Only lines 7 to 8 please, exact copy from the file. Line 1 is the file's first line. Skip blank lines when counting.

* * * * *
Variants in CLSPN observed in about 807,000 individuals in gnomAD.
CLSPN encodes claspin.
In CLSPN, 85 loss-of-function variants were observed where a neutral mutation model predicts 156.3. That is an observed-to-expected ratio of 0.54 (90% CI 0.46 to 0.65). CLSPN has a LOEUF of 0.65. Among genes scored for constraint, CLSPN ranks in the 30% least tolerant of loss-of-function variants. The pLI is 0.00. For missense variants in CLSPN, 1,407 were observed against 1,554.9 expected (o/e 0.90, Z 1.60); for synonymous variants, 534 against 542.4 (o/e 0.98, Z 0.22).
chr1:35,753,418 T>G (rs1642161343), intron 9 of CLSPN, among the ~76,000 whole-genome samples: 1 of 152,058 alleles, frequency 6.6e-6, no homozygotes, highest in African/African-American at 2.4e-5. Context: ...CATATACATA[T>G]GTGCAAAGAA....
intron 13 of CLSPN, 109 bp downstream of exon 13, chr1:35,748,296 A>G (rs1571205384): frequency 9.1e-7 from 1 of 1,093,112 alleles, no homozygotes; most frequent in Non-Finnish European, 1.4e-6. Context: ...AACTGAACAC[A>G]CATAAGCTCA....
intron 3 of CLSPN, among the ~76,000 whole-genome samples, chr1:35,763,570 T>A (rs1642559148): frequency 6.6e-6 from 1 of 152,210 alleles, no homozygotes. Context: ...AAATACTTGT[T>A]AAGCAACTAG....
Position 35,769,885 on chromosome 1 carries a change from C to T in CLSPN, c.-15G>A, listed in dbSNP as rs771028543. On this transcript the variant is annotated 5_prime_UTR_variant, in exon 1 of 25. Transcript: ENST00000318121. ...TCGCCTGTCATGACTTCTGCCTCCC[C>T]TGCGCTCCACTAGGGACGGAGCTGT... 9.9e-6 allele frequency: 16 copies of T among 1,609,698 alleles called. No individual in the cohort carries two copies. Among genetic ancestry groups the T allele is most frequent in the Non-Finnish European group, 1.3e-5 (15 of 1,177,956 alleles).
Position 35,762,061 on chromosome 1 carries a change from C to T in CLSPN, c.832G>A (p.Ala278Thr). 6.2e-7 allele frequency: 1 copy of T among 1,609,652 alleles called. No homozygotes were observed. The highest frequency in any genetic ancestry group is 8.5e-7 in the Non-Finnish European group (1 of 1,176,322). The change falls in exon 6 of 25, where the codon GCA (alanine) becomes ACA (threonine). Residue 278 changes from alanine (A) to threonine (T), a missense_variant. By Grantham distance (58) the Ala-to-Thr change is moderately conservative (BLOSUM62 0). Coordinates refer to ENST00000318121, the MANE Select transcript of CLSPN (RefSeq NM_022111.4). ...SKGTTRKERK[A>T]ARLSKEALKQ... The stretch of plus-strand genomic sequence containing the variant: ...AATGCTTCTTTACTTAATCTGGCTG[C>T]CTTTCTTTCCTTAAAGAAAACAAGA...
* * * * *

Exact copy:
Position 35,769,885 on chromosome 1 carries a change from C to T in CLSPN, c.-15G>A, listed in dbSNP as rs771028543. On this transcript the variant is annotated 5_prime_UTR_variant, in exon 1 of 25. Transcript: ENST00000318121. ...TCGCCTGTCATGACTTCTGCCTCCC[C>T]TGCGCTCCACTAGGGACGGAGCTGT... 9.9e-6 allele frequency: 16 copies of T among 1,609,698 alleles called. No individual in the cohort carries two copies. Among genetic ancestry groups the T allele is most frequent in the Non-Finnish European group, 1.3e-5 (15 of 1,177,956 alleles).
Position 35,762,061 on chromosome 1 carries a change from C to T in CLSPN, c.832G>A (p.Ala278Thr). 6.2e-7 allele frequency: 1 copy of T among 1,609,652 alleles called. No homozygotes were observed. The highest frequency in any genetic ancestry group is 8.5e-7 in the Non-Finnish European group (1 of 1,176,322). The change falls in exon 6 of 25, where the codon GCA (alanine) becomes ACA (threonine). Residue 278 changes from alanine (A) to threonine (T), a missense_variant. By Grantham distance (58) the Ala-to-Thr change is moderately conservative (BLOSUM62 0). Coordinates refer to ENST00000318121, the MANE Select transcript of CLSPN (RefSeq NM_022111.4). ...SKGTTRKERK[A>T]ARLSKEALKQ... The stretch of plus-strand genomic sequence containing the variant: ...AATGCTTCTTTACTTAATCTGGCTG[C>T]CTTTCTTTCCTTAAAGAAAACAAGA...